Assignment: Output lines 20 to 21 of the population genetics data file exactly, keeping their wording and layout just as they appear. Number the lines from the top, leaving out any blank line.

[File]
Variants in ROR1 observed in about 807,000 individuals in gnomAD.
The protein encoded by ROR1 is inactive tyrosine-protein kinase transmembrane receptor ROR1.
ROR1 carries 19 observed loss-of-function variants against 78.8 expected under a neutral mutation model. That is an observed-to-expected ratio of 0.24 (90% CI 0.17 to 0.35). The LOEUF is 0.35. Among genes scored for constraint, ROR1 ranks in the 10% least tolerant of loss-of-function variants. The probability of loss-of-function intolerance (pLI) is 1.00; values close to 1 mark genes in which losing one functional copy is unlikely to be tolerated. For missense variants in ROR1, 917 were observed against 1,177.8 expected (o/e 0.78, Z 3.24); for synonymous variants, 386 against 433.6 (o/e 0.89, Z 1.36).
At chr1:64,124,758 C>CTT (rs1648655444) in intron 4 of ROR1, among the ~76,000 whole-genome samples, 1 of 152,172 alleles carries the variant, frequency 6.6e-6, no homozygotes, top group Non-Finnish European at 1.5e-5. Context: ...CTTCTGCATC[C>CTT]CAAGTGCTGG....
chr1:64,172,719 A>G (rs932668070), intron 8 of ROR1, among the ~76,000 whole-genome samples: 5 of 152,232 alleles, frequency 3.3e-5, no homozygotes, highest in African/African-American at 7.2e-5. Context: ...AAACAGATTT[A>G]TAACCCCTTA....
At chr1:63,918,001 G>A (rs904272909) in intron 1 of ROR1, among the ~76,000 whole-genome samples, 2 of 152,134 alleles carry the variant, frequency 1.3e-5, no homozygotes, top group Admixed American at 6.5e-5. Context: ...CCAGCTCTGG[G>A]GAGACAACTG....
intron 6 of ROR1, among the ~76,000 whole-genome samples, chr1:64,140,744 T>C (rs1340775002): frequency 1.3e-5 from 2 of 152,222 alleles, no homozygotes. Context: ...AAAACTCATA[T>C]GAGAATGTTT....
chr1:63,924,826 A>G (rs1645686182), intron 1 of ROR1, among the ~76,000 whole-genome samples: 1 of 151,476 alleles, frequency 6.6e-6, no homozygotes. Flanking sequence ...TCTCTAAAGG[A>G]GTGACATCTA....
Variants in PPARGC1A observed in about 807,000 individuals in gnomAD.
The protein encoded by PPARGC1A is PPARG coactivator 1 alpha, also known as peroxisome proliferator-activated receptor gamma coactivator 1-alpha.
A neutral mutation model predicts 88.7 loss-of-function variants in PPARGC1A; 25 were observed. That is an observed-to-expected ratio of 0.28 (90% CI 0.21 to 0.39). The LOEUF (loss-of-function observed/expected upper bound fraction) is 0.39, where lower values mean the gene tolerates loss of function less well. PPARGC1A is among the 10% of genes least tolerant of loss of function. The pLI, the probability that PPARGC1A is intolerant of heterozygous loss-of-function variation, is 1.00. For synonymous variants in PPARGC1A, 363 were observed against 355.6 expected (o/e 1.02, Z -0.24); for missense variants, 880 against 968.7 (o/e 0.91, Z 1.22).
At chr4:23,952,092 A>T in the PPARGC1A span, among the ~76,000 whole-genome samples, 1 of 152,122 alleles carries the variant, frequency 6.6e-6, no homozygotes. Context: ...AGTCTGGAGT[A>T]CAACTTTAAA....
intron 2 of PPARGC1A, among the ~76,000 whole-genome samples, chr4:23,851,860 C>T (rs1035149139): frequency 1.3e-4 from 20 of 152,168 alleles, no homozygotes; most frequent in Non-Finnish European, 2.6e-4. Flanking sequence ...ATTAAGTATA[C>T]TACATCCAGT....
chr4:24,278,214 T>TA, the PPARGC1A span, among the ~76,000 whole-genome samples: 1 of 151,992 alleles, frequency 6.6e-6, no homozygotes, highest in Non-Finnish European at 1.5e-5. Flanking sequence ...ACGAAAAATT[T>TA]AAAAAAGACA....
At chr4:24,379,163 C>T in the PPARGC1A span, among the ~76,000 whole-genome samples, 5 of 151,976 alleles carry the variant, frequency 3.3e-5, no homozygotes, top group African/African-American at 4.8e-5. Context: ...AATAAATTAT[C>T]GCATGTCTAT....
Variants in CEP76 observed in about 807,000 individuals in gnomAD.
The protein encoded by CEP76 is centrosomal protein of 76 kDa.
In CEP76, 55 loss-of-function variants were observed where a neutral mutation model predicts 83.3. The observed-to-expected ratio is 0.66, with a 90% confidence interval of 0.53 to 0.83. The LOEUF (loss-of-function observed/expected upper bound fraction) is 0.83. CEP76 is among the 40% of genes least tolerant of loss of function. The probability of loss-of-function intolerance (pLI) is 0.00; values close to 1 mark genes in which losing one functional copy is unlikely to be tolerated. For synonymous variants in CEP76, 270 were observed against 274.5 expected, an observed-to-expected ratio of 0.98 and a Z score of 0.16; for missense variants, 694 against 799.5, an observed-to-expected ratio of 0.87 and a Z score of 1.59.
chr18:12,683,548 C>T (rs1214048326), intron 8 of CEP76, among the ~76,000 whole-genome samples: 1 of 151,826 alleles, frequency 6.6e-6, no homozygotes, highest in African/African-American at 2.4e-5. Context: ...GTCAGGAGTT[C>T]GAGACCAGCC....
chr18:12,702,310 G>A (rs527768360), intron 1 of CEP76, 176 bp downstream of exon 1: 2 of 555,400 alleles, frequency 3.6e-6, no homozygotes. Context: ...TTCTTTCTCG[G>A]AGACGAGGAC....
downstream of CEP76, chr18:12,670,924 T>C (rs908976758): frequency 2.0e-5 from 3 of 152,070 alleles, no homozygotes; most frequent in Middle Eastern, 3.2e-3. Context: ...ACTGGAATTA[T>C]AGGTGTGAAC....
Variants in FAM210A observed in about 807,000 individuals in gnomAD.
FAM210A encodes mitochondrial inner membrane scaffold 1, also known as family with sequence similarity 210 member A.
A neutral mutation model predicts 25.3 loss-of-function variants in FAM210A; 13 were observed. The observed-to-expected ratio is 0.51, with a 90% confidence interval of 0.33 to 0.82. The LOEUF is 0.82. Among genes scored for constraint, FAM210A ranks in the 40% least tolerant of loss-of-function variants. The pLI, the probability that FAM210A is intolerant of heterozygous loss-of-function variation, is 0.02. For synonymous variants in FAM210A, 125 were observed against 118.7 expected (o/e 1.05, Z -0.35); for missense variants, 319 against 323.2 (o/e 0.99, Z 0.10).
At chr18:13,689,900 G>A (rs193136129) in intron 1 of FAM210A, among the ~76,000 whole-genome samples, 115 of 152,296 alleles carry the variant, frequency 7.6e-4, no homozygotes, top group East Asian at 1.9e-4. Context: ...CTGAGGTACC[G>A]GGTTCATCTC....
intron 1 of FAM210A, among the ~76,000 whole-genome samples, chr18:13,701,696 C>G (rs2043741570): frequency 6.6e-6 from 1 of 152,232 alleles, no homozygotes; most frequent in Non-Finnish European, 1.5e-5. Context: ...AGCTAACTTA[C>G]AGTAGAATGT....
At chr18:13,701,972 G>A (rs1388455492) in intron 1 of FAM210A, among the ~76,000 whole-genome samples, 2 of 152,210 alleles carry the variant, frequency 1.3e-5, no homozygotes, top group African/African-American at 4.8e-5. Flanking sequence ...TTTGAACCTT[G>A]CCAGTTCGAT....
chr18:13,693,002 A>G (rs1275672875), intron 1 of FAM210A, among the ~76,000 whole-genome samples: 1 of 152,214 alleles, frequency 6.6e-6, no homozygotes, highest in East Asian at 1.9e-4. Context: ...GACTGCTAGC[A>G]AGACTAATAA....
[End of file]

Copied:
chr18:12,702,310 G>A (rs527768360), intron 1 of CEP76, 176 bp downstream of exon 1: 2 of 555,400 alleles, frequency 3.6e-6, no homozygotes. Context: ...TTCTTTCTCG[G>A]AGACGAGGAC....
downstream of CEP76, chr18:12,670,924 T>C (rs908976758): frequency 2.0e-5 from 3 of 152,070 alleles, no homozygotes; most frequent in Middle Eastern, 3.2e-3. Context: ...ACTGGAATTA[T>C]AGGTGTGAAC....